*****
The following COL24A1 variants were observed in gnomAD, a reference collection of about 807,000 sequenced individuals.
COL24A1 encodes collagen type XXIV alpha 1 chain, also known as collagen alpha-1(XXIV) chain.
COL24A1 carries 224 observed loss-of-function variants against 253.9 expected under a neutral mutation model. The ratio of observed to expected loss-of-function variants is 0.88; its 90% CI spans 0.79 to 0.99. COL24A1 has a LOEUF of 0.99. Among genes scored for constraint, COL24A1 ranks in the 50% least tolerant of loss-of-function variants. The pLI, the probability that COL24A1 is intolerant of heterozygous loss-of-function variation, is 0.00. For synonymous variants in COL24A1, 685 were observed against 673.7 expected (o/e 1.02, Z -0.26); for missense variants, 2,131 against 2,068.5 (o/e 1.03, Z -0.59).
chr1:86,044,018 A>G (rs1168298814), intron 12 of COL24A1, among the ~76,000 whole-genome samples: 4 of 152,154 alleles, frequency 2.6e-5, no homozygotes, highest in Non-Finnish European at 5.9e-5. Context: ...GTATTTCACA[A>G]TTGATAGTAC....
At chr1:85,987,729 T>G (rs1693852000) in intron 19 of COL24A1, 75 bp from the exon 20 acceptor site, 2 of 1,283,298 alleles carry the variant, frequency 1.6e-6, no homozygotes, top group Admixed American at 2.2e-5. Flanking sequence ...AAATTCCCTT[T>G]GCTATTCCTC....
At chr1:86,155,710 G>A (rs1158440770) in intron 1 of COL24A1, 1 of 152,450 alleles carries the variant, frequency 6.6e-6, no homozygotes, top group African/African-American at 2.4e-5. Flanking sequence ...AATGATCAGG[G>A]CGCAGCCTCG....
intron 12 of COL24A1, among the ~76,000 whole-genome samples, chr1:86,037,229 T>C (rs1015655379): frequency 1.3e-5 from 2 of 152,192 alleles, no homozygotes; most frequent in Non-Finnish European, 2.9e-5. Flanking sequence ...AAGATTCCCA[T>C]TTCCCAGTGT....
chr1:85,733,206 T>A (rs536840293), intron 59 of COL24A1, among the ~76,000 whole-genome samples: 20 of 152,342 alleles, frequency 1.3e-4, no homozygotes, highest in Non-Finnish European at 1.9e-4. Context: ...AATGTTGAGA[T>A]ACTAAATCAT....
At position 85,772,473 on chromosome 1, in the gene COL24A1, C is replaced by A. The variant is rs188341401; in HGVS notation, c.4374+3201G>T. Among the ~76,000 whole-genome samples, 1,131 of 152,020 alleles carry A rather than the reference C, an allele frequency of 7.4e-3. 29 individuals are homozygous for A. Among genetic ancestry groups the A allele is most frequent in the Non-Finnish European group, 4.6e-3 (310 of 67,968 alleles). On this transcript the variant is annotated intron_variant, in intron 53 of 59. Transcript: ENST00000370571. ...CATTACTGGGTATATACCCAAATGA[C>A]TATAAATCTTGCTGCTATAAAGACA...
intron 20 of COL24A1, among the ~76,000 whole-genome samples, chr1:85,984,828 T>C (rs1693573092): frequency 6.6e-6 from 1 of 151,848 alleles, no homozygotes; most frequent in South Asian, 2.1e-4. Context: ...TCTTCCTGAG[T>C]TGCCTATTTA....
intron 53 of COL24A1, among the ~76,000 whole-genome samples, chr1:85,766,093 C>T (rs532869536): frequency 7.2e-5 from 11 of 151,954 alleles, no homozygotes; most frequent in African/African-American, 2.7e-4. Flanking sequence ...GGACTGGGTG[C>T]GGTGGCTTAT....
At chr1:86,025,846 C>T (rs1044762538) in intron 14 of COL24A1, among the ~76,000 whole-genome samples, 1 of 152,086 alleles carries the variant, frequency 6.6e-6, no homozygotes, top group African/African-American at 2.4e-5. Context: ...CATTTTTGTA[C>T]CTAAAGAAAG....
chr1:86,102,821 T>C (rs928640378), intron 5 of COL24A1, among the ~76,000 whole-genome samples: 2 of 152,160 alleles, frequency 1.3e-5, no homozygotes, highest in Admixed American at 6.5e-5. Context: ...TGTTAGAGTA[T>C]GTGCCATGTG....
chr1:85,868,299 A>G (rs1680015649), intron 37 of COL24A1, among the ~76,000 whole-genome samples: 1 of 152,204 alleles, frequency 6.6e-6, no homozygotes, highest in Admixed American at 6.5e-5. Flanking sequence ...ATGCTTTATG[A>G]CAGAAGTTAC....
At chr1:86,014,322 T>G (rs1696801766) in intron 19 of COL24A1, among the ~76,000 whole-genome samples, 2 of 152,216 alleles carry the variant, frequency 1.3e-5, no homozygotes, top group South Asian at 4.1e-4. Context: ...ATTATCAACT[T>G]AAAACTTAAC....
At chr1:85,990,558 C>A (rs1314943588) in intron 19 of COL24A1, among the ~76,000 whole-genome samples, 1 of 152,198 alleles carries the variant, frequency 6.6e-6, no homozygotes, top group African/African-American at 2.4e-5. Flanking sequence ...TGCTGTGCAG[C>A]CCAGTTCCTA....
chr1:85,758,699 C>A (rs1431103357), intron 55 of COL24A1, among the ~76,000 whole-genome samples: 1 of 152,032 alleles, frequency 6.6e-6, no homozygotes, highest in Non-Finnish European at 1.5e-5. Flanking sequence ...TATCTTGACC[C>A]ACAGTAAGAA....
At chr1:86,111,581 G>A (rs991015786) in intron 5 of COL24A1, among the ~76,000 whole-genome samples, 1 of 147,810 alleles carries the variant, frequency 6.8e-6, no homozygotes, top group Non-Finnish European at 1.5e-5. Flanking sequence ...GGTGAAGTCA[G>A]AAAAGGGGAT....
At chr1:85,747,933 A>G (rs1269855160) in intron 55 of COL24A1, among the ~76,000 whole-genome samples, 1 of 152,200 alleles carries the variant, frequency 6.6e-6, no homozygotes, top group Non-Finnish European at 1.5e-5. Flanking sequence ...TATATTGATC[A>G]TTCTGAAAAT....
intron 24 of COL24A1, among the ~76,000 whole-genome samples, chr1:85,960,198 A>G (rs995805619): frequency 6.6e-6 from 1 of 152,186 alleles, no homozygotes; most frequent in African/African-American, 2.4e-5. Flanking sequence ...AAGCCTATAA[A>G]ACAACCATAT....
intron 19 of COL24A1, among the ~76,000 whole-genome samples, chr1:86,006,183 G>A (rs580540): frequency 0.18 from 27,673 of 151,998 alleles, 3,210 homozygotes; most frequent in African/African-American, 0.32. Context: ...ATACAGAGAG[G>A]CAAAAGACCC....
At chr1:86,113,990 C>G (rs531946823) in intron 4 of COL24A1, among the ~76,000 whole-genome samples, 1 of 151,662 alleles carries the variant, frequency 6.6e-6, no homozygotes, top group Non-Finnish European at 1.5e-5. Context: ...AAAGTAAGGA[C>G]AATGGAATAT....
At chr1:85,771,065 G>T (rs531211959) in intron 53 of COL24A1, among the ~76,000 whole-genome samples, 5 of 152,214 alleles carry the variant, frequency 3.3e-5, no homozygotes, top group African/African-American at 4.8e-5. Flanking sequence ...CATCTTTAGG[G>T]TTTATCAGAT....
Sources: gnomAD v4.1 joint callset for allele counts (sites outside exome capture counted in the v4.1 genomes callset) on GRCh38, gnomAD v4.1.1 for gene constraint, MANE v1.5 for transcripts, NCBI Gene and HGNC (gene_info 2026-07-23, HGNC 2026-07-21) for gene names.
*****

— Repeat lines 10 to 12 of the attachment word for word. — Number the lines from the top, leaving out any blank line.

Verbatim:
intron 20 of COL24A1, among the ~76,000 whole-genome samples, chr1:85,984,828 T>C (rs1693573092): frequency 6.6e-6 from 1 of 151,848 alleles, no homozygotes; most frequent in South Asian, 2.1e-4. Context: ...TCTTCCTGAG[T>C]TGCCTATTTA....
intron 53 of COL24A1, among the ~76,000 whole-genome samples, chr1:85,766,093 C>T (rs532869536): frequency 7.2e-5 from 11 of 151,954 alleles, no homozygotes; most frequent in African/African-American, 2.7e-4. Flanking sequence ...GGACTGGGTG[C>T]GGTGGCTTAT....
At chr1:86,025,846 C>T (rs1044762538) in intron 14 of COL24A1, among the ~76,000 whole-genome samples, 1 of 152,086 alleles carries the variant, frequency 6.6e-6, no homozygotes, top group African/African-American at 2.4e-5. Context: ...CATTTTTGTA[C>T]CTAAAGAAAG....